Network Ingress Filtering: Defeating Denial of Service Attacks which employ IP Source Address Spoofing
bcp38-02

Versions: 01 02 rfc2827                            Best Current Practice
Internet Draft                                    Paul Ferguson
July 1997                                         cisco Systems, Inc.
Expires in six months                             Daniel Senie
                                                  OpenROUTE Networks, Inc.



                     Network Ingress Filtering:
    Defeating IP Source Address Spoofing Denial of Service Attacks
               draft-ferguson-ingress-filtering-02.txt


Status of this Memo

    This document is an Internet Draft.  Internet Drafts are working
    documents of the Internet Engineering Task Force (IETF), its Areas,
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Abstract

    Recent occurrences of various Denial of Service (DoS) attacks
    which have employed forged source addresses have proven to be a
    troublesome issue for Internet Service Providers and the Internet
    community overall.  This paper discusses a simple, effective,
    and straightforward method for using ingress traffic filtering
    to deny DoS attacks which use forged IP addresses to be
    propagated from "behind" an Internet Service Provider's (ISP)
    aggregation point.
















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Table of Contents

    1.  Introduction . . . . . . . . . . . . . . . . . . . . . . . 2
    2.  Background . . . . . . . . . . . . . . . . . . . . . . . . 3
    3.  Restricting forged traffic . . . . . . . . . . . . . . . . 4
    4.  Further capabilities for networking equipment. . . . . . . 5
    5.  Liabilities. . . . . . . . . . . . . . . . . . . . . . . . 5
    6.  Summary. . . . . . . . . . . . . . . . . . . . . . . . . . 6
    7.  Security Considerations. . . . . . . . . . . . . . . . . . 7
    8.  Acknowledgments  . . . . . . . . . . . . . . . . . . . . . 7
    9.  References . . . . . . . . . . . . . . . . . . . . . . . . 7
   10.  Authors' Addresses . . . . . . . . . . . . . . . . . . . . 7


1. Introduction

   A resurgence of Denial of Service Attacks [1] aimed at various
   targets in the Internet have produced new challenges within the
   Internet Service Provider (ISP) and network security communities to
   new and innovative methods to mitigate these types of attacks.
   The difficulties in reaching this goal are numerous;  simple
   tools already exist to limit the effectiveness and scope of
   these attacks, but they have not been widely implemented.

   This method of attack has been known for some time. Defending
   against it has been a concern. Bill Cheswick is quoted in [2]
   as saying that he pulled a chapter from his book, "Firewalls and
   Internet Security" [3], at the last minute because there was no way
   for an administrator of the system under attack to effectively defend
   that system. By mentioning the method, he was concerned about
   encouraging its use.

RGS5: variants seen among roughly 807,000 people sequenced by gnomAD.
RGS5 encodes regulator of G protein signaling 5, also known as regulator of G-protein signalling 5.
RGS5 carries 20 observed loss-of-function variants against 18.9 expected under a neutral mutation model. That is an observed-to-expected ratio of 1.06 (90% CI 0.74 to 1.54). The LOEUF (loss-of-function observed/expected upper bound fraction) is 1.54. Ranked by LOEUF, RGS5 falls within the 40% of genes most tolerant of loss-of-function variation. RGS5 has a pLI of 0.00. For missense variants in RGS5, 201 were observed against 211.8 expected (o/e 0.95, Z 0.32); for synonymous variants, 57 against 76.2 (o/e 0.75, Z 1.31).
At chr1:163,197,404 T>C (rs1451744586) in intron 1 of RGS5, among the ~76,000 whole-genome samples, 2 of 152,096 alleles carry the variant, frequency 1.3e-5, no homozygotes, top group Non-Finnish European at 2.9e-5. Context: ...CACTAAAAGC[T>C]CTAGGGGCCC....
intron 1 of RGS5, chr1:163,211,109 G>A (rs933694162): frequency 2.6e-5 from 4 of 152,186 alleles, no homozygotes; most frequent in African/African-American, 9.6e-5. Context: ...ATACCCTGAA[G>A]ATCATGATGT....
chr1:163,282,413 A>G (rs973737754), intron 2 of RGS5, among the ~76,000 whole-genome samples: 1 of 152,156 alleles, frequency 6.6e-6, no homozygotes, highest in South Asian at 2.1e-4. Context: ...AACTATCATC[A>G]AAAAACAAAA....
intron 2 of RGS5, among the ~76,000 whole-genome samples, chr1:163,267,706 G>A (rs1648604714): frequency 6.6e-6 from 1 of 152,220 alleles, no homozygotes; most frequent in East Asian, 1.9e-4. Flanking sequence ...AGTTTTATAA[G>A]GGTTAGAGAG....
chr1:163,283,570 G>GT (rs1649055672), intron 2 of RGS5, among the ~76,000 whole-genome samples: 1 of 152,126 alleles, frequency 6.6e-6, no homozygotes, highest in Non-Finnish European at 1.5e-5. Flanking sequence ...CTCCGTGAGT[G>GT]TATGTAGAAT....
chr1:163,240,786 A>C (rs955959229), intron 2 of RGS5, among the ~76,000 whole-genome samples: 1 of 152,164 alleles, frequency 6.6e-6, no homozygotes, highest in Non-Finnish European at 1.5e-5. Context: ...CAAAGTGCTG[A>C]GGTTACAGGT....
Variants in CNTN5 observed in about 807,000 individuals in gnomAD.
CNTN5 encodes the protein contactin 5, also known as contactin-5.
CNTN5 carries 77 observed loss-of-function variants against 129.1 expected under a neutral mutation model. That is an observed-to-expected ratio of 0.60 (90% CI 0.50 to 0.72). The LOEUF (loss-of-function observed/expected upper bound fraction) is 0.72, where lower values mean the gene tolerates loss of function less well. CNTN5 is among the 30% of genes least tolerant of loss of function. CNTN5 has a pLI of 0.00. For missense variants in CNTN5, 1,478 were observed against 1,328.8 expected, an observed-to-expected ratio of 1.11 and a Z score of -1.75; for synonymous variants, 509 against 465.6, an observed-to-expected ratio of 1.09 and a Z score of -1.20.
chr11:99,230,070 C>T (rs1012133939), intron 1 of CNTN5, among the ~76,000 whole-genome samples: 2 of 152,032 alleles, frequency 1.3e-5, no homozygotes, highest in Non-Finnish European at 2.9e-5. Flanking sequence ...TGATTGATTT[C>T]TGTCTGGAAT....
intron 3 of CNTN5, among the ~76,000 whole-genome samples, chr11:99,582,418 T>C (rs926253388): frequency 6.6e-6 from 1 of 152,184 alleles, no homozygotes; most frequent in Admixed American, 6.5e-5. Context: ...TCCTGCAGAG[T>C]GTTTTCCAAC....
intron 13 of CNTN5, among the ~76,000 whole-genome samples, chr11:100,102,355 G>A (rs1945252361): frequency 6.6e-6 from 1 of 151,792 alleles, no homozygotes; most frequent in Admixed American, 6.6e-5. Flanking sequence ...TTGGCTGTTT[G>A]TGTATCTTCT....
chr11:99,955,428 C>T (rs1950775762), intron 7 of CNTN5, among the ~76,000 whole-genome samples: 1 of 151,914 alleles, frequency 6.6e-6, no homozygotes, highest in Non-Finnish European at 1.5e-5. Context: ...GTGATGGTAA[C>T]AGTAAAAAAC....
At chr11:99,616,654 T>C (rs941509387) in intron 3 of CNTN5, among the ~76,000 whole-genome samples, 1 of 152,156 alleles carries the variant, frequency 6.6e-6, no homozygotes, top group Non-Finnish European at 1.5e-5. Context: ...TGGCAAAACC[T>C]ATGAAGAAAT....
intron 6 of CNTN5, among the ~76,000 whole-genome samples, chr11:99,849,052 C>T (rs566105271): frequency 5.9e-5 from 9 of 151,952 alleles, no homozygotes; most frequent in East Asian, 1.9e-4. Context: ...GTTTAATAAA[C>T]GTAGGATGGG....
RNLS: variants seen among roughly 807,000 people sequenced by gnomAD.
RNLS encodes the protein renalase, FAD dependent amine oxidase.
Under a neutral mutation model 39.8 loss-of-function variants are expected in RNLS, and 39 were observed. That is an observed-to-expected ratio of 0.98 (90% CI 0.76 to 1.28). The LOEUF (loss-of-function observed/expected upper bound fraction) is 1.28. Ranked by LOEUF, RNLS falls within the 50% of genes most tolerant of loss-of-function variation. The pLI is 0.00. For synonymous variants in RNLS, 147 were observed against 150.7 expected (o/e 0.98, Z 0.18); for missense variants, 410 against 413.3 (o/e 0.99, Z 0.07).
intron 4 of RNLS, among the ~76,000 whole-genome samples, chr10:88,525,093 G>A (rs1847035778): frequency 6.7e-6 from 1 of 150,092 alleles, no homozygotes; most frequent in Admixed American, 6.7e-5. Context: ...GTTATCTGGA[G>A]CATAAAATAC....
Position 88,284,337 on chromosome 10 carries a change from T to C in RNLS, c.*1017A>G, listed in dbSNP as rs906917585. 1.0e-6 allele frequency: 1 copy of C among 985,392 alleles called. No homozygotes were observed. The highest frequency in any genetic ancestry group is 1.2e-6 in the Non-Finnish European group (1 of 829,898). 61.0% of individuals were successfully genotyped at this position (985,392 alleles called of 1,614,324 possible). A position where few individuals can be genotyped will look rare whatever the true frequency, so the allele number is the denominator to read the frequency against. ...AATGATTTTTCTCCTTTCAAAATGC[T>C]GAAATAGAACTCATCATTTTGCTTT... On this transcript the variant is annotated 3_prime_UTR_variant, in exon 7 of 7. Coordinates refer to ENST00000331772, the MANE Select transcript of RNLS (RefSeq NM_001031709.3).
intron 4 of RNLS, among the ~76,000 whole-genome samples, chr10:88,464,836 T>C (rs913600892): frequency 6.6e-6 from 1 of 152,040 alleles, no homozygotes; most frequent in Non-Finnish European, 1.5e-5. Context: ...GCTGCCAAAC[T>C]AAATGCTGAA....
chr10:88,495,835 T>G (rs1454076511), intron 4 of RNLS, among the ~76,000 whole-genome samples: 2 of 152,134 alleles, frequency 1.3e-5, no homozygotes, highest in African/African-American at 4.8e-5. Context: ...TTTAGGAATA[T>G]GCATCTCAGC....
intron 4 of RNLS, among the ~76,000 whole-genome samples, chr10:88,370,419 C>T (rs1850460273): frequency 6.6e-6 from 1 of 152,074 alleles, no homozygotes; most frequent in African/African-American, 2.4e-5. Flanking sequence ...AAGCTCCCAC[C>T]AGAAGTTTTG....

While the filtering method discussed in this document does
   absolutely nothing to protect against flooding attacks which
   originate from valid prefixes, it will prohibit an attacker within
   the originating network from launching an attack of this nature using
   forged source addresses that do not conform to ingress filtering
   rules. All providers of Internet connectivity are urged to
   implement filtering described in this document to prohibit
   attackers from using forged source addresses which do not
   reside within legitimately advertised prefixes.  In other words,
   if an ISP is aggregating routing announcements for multiple
   downstream networks, strict traffic filtering should be used
   to prohibit traffic which claims to have originated from outside
   of these announcements.

   An additional benefit of implementing this type of filtering is that
   it enables the originator to be easily traced, since the attacker
   would have to use a valid, and reachable, source address.




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2. Background

   A simplified diagram of the problem is depicted below:

                                                       9.0.0.0/8
    host <----- router <--- Internet <----- router <-- attacker

             TCP/SYN
         <---------------------------------------------
               Source: 192.168.0.4/32
    SYN/ACK
    no route
             TCP/SYN
         <---------------------------------------------
               Source: 10.0.0.13/32
    SYN/ACK
    no route
             TCP/SYN
         <---------------------------------------------
               Source: 172.16.0.2/32
    SYN/ACK
    no route

    [etc.]


    Assume:

    o The host is the targeted machine.

    o The attacker resides within the "valid" prefix 9.0.0.0/8

    o The attacker launches the attack using randomly changing source
      addresses; in this example, the source addresses are depicted
      as from within [4], which are not present in the global Internet
      routing tables, and therefore, unreachable. Any unreachable prefix
      could be used to perpetrate this attack method.